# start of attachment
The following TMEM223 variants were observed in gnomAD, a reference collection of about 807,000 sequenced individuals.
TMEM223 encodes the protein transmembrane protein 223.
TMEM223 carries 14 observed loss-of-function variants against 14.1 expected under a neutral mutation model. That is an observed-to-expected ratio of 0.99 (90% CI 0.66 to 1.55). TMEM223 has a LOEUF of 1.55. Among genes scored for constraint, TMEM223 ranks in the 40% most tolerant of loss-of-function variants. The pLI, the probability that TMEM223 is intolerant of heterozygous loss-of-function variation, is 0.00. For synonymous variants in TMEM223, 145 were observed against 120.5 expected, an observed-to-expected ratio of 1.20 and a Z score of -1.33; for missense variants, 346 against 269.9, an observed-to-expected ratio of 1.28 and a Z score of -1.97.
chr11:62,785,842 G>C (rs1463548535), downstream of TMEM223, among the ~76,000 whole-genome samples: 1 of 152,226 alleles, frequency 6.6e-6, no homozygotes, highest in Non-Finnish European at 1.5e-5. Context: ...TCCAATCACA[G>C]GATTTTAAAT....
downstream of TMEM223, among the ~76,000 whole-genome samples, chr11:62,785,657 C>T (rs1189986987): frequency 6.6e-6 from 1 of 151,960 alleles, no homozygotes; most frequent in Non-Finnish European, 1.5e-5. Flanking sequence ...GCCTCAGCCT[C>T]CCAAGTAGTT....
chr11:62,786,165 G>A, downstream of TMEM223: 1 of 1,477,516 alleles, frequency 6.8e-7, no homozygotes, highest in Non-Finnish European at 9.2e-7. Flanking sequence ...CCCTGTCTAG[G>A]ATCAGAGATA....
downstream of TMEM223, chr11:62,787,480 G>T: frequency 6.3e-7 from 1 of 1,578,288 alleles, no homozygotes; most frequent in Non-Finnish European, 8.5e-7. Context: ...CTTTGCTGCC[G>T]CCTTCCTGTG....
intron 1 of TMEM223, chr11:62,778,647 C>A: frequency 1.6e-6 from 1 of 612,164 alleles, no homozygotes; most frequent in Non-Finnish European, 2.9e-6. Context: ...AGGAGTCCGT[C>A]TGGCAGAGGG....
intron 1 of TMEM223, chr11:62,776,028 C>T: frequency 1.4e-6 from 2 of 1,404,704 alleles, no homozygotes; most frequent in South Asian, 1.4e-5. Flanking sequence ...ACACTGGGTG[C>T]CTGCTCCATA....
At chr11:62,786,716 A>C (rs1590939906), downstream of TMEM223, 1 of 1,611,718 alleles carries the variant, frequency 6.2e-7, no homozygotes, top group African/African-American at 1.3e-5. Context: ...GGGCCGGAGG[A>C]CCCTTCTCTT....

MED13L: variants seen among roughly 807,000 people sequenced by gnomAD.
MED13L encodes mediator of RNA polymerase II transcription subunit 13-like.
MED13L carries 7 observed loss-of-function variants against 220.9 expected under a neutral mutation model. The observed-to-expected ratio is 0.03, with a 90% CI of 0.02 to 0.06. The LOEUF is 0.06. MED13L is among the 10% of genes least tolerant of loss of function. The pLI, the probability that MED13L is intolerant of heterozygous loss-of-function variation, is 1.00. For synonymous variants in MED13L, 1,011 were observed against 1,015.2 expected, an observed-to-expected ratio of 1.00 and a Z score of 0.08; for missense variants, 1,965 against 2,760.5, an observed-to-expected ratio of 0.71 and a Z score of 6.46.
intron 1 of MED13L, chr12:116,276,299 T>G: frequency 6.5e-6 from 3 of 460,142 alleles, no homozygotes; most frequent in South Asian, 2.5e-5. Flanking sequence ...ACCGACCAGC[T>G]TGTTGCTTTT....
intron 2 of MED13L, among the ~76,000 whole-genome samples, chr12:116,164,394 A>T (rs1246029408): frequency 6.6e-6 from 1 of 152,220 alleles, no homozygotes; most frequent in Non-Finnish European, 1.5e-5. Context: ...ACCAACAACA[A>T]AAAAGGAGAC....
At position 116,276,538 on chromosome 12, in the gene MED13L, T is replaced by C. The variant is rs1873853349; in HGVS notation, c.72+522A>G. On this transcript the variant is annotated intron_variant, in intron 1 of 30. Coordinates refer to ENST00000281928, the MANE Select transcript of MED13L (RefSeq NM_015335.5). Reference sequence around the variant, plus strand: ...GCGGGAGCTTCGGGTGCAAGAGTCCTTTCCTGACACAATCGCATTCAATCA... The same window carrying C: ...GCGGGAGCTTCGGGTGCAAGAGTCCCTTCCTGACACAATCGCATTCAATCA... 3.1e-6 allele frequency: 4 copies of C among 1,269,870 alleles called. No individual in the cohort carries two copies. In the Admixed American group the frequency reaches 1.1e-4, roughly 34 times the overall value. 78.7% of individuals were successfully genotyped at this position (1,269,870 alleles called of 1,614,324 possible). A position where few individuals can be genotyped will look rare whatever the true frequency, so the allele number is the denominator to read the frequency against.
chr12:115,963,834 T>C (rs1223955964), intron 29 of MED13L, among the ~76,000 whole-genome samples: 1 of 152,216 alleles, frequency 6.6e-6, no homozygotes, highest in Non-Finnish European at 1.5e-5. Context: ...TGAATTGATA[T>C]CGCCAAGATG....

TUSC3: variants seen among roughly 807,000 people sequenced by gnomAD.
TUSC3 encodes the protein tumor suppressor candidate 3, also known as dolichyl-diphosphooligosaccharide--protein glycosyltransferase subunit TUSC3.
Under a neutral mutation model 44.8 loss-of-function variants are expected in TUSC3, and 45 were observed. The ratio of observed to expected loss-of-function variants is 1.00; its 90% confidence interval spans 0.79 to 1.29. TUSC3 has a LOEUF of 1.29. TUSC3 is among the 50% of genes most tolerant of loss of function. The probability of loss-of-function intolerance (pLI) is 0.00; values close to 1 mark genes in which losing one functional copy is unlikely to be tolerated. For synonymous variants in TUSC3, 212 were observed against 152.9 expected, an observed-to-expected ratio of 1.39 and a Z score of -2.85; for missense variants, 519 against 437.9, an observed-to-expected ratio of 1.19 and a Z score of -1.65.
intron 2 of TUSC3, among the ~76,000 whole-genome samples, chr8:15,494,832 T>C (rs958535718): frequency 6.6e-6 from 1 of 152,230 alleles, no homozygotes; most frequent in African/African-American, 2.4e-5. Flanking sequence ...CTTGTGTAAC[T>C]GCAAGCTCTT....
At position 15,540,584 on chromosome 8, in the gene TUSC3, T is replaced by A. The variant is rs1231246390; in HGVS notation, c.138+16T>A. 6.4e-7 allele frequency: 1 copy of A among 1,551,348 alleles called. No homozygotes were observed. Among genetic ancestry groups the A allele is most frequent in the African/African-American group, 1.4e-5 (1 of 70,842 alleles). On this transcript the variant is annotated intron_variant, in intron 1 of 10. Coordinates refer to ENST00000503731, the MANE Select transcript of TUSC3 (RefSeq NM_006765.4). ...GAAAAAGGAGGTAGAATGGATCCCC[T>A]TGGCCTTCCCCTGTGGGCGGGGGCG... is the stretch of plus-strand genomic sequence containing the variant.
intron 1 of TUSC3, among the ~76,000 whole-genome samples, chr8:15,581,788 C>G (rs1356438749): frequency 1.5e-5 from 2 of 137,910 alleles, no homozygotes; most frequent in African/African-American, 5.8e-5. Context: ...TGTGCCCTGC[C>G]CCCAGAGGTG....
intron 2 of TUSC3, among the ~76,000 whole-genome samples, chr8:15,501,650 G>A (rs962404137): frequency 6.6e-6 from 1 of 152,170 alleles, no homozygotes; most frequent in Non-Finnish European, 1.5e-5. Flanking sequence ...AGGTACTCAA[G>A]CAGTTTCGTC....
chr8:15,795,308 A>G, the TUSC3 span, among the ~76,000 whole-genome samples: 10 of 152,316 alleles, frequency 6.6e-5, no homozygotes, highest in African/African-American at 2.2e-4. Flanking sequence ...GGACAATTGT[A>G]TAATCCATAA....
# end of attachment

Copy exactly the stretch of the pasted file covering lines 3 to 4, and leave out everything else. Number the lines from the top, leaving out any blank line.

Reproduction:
TMEM223 carries 14 observed loss-of-function variants against 14.1 expected under a neutral mutation model. That is an observed-to-expected ratio of 0.99 (90% CI 0.66 to 1.55). TMEM223 has a LOEUF of 1.55. Among genes scored for constraint, TMEM223 ranks in the 40% most tolerant of loss-of-function variants. The pLI, the probability that TMEM223 is intolerant of heterozygous loss-of-function variation, is 0.00. For synonymous variants in TMEM223, 145 were observed against 120.5 expected, an observed-to-expected ratio of 1.20 and a Z score of -1.33; for missense variants, 346 against 269.9, an observed-to-expected ratio of 1.28 and a Z score of -1.97.
chr11:62,785,842 G>C (rs1463548535), downstream of TMEM223, among the ~76,000 whole-genome samples: 1 of 152,226 alleles, frequency 6.6e-6, no homozygotes, highest in Non-Finnish European at 1.5e-5. Context: ...TCCAATCACA[G>C]GATTTTAAAT....